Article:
Geneva: As the world continues to battle the coronavirus (COVID-19) pandemic, the World Health Organization (WHO) on Thursday (May 14) warned that the virus “may never go away”.

“It is important to put this on the table: this virus may become just another endemic virus in our communities, and this virus may never go away,” Michael Ryan, the WHO’s emergencies chief, said during a virtual press conference in Geneva.

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“I think there are no promises in this and there are no dates. This disease may settle into a long problem, or it may not be,” he added.

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Michael Ryan

So far, 297,000 have lost their lives to the deadly virus. More than 4.35 million cases of the coronavirus have been confirmed around the world. Most of the countries have imposed lockdowns to fight the virus.

Meanwhile, WHO said people around the world are living longer and healthier lives but COVID-19 could threaten the progress.

“The good news is that people around the world are living longer and healthier lives. The bad news is the rate of progress is too slow to meet the Sustainable Development Goals and will be further thrown off track by COVID-19,” said Dr. Tedros Adhanom Ghebreyesus, WHO Director-General.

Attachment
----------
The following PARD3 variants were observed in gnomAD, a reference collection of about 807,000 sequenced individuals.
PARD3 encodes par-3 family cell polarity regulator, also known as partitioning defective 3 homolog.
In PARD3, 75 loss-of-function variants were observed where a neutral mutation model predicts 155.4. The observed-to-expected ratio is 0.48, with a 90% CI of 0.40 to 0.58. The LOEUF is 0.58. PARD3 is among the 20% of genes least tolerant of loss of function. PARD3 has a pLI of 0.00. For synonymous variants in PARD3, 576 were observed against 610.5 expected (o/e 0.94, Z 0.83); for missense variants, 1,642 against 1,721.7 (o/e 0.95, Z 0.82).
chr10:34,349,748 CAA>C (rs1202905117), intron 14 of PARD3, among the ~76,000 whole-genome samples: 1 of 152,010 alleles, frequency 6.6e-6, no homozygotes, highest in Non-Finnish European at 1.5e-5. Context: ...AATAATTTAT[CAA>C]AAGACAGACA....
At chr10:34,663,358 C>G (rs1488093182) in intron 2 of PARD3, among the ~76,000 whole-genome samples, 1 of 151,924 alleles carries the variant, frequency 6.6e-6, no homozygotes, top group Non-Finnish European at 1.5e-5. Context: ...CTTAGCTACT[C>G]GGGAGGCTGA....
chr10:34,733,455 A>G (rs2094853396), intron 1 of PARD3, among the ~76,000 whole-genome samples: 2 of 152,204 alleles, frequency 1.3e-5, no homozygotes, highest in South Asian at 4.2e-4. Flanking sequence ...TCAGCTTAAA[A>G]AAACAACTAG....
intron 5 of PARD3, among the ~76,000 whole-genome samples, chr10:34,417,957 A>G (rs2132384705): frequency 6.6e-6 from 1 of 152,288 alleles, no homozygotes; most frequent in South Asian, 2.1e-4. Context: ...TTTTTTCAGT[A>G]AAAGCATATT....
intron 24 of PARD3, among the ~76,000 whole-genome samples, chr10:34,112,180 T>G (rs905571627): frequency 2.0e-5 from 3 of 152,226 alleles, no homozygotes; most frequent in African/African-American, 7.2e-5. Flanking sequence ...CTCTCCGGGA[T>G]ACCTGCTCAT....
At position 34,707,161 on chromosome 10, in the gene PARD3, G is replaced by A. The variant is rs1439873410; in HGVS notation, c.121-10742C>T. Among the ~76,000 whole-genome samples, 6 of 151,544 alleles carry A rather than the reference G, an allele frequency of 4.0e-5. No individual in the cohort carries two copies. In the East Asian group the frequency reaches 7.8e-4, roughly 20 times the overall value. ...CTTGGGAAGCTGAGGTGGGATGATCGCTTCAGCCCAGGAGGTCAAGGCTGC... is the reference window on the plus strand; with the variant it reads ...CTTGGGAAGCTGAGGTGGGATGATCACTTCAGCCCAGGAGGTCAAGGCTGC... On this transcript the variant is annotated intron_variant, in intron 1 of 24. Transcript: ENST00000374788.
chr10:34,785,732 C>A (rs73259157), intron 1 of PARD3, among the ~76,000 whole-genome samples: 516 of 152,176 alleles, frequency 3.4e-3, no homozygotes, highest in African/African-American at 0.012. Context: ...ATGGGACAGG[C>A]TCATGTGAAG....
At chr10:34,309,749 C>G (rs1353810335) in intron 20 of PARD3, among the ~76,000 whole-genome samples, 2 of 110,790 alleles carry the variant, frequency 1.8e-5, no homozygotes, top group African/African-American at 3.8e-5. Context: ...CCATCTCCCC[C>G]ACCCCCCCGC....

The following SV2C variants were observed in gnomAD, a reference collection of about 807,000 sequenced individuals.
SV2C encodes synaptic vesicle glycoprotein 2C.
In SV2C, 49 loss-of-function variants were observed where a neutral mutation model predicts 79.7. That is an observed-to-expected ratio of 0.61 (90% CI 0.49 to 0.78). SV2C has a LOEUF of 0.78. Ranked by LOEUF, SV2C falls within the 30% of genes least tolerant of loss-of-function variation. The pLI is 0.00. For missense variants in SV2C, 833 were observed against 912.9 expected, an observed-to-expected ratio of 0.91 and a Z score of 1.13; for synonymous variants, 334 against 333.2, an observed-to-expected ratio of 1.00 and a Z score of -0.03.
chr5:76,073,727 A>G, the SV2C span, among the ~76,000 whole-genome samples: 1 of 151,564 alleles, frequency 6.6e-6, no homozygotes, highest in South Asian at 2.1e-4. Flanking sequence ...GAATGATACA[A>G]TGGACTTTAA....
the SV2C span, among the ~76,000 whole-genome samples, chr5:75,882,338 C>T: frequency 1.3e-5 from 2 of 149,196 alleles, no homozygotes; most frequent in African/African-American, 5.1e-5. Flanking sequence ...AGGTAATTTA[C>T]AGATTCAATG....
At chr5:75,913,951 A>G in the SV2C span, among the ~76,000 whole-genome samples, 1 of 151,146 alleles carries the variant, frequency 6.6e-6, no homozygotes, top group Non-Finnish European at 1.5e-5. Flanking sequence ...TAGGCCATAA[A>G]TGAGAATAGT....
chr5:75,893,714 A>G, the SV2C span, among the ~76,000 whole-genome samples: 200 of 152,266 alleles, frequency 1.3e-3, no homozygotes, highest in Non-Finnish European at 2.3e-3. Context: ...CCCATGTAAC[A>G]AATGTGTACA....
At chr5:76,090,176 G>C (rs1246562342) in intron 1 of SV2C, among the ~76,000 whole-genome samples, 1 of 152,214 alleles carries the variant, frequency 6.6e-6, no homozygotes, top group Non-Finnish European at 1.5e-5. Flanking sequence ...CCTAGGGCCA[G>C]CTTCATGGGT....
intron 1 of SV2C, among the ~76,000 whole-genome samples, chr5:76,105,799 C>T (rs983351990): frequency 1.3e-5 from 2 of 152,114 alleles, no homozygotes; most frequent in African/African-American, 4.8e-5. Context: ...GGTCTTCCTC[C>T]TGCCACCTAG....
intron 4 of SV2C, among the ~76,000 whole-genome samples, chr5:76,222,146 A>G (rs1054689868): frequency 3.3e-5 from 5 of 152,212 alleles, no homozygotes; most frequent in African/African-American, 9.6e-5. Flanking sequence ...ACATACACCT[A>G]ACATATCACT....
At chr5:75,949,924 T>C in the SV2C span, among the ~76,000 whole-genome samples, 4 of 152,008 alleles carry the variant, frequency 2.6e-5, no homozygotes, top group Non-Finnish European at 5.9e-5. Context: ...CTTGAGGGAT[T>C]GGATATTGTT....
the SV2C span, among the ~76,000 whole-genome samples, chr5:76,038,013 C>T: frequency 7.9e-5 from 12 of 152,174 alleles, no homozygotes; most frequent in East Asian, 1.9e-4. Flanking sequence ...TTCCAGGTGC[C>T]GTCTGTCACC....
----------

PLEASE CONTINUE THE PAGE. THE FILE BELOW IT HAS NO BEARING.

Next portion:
Dr. Tedros Adhanom Ghebreyesus

“The pandemic highlights the urgent need for all countries to invest in strong health systems and primary health care, as the best defense against outbreaks like COVID-19, and against the many other health threats that people around the world face every day. Health systems and health security are two sides of the same coin,” he added.

WHO’s World Health Statistics — an annual check-up on the world’s health — reports progress against a series of key health and health service indicators, revealing some important lessons in terms of progress made towards the Sustainable Development Goals and gaps to fill.

Life expectancy and healthy life expectancy have increased, but unequally.

The biggest gains were reported in low-income countries, which saw life expectancy rise 21% or 11 years between 2000 and 2016 (compared with an increase of 4% or 3 years in higher income countries).